The BOB line-up behind YCSTFAS: Simon, Henry, Richard and Dean

Close your eyes. Cast your mind back to 1992. The younger you is reading the NME, Melody Maker, Sounds: full of articles about, and interviews with, the likes of Suede, Lemonheads and Manic Street Preachers, and you can’t go anywhere without hearing ‘Everybody Hurts’ by R.E.M. The Stone Roses are working on their second album, and it’s probably about time the La’s started doing the same. Loads of those bands you were the first to like in school are now signed to major labels, and all is well in the world of music.

Open your eyes. It’s 2020, and you’ve gained a bit of weight, a few wrinkles here and there, and the colour has started to go from your hair. What happened to all those bands? R.E.M., Suede, the La’s… just distant memories. Manic Street Preachers are still going, but it’s not the same as it used to be. The Stone Roses… yes, well. Other bands you loved have reformed, give or take the odd original member, and it’s been quite pleasurable hearing them do the songs you bought years ago, even if they are a bit slower in tempo these days. Still, you’ve been able to buy them again in all their glory in remastered format, on record to boot! If only there was something new, that could capture the feeling of being 20 again. 

Open your ears. There’s a song on the radio – it’s by BOB. You remember them from Peel, and bought ‘Convenience’ at the time. It’s a catchy song, this; reminiscent of the sound of 1992. It takes you back to being 20 again. Must be an old song you hadn’t heard before. 


Stop. The song you have just heard is ‘Plastic’ – you can hear it above, too – and it is a new song that dates back to the era you reminisce about, when all was well in the world of music. And then you realise the brilliance of the moment: BOB, right now, are releasing a new album, a full length album, and it’s not full of songs written by a band trying to recapture their youth. It’s an album of songs written and recorded during their youth. Your youth, too!

You Can Stop That For A Start is that album; twelve tracks on the vinyl release, thirteen on the CD (both of which come supplied with access to a further fifteen more tracks). It’s the best of both worlds! It’s now and then, all rolled into one! These are not just cast-offs and rejects from yesteryear, either. They are tracks recorded to impress the likes of Parlophone and Notting Hill Music, both of whose noses could be found sniffing around the band once the collapse of Rough Trade scuppered the expectations around BOB’s debut album.

Recorded at The Square in Harlow and Bristol’s Coach House studio, this collection of songs finds BOB at both lyrical and musical peaks. ‘Say You’re Alone’ and ‘Telepathy’ are instantly hummable, singalong, radio-friendly tracks that could easily have found themselves nudging the Top 40 with the right label support. ‘Sundown’, based around a grunge, bluesy riff that you might have heard with trailers for the album remains as timeless as much of the band’s previous output. ‘Queen Of Sheba’ – a different version to that released as a flexi for the final BOB tour last year – demonstrates perfect pop sensibilities in an unmistakable BOB manner, all hooks and harmonies, whilst ‘Plastered In Paris’ provides a folkier offering that drives determinedly to its crescendo.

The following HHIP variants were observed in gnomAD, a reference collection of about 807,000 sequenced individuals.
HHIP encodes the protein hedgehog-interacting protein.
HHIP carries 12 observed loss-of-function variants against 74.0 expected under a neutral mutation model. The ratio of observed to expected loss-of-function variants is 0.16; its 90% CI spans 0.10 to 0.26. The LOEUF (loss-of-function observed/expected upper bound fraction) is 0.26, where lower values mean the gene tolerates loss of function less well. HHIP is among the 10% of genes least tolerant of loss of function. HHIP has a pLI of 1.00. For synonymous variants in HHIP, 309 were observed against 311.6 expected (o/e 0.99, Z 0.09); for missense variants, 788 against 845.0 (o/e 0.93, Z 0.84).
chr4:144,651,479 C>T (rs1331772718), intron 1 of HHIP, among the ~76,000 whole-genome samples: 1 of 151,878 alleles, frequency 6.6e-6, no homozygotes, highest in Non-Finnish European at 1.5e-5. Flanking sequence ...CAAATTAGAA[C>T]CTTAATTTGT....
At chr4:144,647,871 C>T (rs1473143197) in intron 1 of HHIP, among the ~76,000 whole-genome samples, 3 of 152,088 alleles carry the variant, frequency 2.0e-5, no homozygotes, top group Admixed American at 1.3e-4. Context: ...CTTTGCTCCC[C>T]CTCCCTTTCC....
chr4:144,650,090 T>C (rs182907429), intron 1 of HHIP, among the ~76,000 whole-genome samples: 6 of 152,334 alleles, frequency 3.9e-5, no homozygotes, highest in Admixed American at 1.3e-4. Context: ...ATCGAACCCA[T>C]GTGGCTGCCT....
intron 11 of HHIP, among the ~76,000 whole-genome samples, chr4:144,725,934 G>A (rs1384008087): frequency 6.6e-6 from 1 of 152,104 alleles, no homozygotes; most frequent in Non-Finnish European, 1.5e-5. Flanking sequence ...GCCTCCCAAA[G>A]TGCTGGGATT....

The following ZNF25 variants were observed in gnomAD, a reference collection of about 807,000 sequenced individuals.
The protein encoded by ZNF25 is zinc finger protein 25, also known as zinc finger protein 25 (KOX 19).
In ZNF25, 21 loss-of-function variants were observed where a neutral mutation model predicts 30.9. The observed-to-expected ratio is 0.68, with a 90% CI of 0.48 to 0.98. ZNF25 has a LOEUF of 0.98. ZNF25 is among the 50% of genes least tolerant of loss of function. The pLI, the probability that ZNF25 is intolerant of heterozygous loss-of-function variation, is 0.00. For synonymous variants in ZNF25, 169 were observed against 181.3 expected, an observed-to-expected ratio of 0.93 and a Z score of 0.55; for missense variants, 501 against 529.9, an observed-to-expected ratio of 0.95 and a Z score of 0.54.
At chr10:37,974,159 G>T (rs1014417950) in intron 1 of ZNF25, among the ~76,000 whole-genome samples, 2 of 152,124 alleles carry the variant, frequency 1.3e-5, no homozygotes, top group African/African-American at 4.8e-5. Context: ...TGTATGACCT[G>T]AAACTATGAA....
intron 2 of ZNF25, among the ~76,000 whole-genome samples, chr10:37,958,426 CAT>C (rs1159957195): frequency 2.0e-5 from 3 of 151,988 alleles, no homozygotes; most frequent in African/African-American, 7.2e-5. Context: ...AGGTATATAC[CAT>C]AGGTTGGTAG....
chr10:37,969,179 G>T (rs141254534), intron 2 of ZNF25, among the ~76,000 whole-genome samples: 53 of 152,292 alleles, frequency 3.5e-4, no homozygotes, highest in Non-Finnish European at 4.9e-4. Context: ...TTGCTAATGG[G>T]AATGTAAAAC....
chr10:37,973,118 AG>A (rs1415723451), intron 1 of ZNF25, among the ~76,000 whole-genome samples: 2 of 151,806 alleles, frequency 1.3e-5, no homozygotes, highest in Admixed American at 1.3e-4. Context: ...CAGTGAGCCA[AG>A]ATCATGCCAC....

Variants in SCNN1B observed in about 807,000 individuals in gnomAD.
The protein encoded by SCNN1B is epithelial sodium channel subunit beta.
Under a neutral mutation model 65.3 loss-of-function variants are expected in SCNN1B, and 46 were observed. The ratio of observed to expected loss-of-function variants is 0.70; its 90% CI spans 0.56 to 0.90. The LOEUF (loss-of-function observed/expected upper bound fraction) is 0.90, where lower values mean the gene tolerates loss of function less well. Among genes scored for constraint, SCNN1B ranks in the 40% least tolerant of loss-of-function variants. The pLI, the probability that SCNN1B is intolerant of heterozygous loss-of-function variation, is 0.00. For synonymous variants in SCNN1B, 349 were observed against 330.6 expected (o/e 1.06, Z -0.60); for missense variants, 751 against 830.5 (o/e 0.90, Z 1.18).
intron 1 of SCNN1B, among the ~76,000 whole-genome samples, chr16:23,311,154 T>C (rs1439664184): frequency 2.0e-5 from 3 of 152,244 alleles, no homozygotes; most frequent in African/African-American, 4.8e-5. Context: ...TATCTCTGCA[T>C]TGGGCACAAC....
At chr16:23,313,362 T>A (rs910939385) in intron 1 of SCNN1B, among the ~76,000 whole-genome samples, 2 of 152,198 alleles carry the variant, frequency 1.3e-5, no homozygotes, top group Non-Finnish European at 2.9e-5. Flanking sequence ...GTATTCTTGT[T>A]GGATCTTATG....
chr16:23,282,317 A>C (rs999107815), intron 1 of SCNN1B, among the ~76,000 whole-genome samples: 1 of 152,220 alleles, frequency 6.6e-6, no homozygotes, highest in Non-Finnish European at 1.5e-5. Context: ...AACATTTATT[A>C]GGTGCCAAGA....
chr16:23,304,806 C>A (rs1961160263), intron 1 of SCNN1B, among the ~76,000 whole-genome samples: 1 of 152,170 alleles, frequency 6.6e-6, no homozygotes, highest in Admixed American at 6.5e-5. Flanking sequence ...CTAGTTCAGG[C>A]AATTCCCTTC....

With well over a hundred and fifty unreleased songs to choose from, it is no surprise that there are no duds on the album. What is perhaps surprising to the uninitiated is that the bonus disc contains tracks that are equally good – check out ‘STP’ by way of example: on another day this could have secured BOB the deal with Parlophone that would have meant we wouldn’t have to wait so long for this record.

You Can Stop That For A Start is released on Optic Nerve in blue and black vinyl (website), white vinyl (independent record shops) and CD. It is available for pre-order now at, Let’s hope this isn’t the stop the title suggests – if these tracks are anything to go by, the rest of the unreleased archive must surely follow.


John Hartley is the author of “Capturing The Wry”, an autobiographical tale of the unsigned side of the music industry and “The Great Leap Forward” available here, both published by i40Publishing. After spending the best part of twenty five years trying to write the perfect pop song he has also turned his attention to writing about those who have done a much better job at it. He tweets as @JohnyNocash and gives away his music, generally for free, at Broken Down Records.